The beverages with the highest values of overall liking—the E2 formulation in both capsules and tea bags—and therefore the greatest potential to be commercialized as final products underwent In Vitro GID in order to assess the bioaccessibility of their bioactive compounds, comparing the results obtained before digestion with those obtained after the digestion process. In particular, phenolic content through TPC and HPLC analyses (the latter for methylxanthines as well), RSA, and α-glucosidase inhibition capacity were evaluated.
3.3.1. Determination of Polyphenol and Methylxanthine Composition of Undigested and Digested Beverages through RP-HPLC-PDA.
shows the compounds detected in the beverages through liquid chromatography before and after GID (two methylxanthines and nine polyphenols). As far as polyphenols are concerned, phenolic acids (protocatechuic acid and caffeic acid), flavan-3-ols (catechin-3-O
-glucoside, catechin and epicatechin), B-type procyanidins (PCB isomers), and flavonols (quercetin-3-O
-glucoside and quercetin-3-O
-rhamnoside) were identified.
In non-digested beverages (PRE), the most abundant compound was theobromine, a methylxanthine alkaloid that characterizes cocoa (72.34% and 74.89% of the total identified compounds for capsules and tea bags, respectively) followed by caffeine (17.18% and 14.24% of the total compounds identified for capsules and tea bags, respectively), another biologically active alkaloid. The total methylxanthine content was equal to 212.99 mg/L and 171.93 mg/L for capsules and tea bags, respectively. The ratio between these two alkaloids was approximately 5:1, which is in line with the data published by Rojo-Poveda et al. [16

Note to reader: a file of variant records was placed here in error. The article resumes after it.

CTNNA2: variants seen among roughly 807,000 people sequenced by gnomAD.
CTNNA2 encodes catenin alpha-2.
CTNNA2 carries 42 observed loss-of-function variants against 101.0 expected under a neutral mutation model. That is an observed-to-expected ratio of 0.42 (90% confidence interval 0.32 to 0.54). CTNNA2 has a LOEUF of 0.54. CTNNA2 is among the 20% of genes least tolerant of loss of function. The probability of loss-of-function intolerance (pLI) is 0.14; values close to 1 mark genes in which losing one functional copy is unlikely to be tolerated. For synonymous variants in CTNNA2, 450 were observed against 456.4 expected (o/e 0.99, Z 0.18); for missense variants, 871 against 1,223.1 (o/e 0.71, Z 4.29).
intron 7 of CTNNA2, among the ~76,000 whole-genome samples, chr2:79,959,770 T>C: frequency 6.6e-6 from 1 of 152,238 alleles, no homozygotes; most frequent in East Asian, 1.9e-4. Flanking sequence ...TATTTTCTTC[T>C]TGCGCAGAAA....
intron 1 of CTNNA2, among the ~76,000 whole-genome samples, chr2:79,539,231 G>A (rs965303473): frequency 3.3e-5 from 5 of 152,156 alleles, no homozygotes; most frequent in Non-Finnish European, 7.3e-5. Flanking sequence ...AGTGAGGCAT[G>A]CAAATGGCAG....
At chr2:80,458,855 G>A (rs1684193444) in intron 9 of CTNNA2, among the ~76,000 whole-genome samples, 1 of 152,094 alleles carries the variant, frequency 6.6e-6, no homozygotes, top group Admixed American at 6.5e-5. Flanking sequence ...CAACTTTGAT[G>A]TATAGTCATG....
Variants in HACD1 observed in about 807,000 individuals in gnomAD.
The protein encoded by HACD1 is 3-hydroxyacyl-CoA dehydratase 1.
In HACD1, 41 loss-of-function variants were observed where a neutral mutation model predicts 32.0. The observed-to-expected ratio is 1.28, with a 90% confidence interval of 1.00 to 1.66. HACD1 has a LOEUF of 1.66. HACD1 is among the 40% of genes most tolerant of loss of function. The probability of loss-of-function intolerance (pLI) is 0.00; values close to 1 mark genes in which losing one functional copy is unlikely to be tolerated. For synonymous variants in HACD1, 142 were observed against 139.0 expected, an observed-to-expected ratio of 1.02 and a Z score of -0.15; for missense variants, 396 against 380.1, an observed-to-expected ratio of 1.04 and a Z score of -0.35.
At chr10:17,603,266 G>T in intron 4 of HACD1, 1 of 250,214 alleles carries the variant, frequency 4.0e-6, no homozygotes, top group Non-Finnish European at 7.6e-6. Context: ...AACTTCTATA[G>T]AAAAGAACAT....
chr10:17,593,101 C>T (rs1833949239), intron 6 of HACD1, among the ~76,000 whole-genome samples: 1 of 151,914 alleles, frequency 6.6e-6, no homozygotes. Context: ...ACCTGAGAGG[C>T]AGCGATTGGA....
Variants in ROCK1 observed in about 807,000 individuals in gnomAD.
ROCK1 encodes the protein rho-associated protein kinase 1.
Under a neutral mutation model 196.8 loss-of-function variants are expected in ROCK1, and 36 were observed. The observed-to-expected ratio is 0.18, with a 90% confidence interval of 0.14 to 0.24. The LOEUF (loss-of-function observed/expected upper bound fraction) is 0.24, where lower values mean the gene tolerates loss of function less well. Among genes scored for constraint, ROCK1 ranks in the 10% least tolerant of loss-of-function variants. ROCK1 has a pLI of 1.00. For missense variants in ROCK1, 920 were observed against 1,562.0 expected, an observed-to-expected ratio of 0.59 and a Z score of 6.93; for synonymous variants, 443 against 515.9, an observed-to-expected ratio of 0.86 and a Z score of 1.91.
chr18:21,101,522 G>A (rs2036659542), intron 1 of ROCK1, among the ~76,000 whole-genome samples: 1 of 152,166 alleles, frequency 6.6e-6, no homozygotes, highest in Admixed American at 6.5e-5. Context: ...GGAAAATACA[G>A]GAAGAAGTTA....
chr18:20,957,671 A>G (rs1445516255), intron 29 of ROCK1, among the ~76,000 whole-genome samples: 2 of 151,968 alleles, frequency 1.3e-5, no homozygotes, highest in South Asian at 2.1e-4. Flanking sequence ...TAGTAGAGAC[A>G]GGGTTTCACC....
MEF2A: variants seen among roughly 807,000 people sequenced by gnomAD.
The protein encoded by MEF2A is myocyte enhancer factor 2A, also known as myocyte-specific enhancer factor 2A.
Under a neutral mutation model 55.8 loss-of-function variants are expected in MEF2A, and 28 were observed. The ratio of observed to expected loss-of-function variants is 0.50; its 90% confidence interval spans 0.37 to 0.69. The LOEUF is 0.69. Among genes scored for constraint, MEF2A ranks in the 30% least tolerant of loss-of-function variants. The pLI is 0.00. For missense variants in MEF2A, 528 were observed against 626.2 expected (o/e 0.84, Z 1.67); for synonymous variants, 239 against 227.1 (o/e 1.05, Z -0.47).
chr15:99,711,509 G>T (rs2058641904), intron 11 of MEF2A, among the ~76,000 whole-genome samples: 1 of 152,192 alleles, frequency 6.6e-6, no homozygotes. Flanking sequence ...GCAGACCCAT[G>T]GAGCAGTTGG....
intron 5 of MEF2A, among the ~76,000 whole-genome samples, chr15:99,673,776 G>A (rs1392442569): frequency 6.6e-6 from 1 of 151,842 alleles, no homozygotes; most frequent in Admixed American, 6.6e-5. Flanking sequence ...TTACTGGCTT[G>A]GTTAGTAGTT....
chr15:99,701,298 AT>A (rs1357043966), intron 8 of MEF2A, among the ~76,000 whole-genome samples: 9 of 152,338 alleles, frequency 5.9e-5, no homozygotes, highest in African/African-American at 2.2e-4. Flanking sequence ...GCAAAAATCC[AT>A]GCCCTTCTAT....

]. Concerning polyphenol composition, capsule and tea bag beverages showed the same profile with PCB2, PCB, and epicatechin as the most abundant compounds. In fact, for the total quantified polyphenols in capsule drinks, PCB2, PCB, and epicatechin were 25.47%, 19.75%, and 18.60% with respect to the total polyphenols quantified, respectively. Likewise, in tea bag drinks, PCB2, PCB, and epicatechin were 24.59%, 21.05%, and 18.45%, respectively.
After GID, the content of methylxanthines remained unchanged in both beverages, as they are stable under gastric and intestinal conditions and not degraded by pH and enzymes. Hence, the 5:1 ratio between theobromine and caffeine was maintained after GID. On the contrary, the concentration of polyphenols changed during GID with capsule and tea bag beverages showing the same behaviour. The total content of polyphenols quantified before GID was 24.95 and 20.99 mg/L for capsule and tea bag beverages, respectively. After GID, these values decreased, reaching a total of 12.45 and 11.56 mg/L with bioaccessibility of 50.00% and 55.46% for capsules and tea bags, respectively. These values represent the amount of soluble and accessible polyphenols not only to be absorbed but also to potentially exert their functions at the intestinal level, such as the ability to inhibit the α-glucosidase enzyme and the anti-inflammatory effects demonstrated by Rossin et al. [28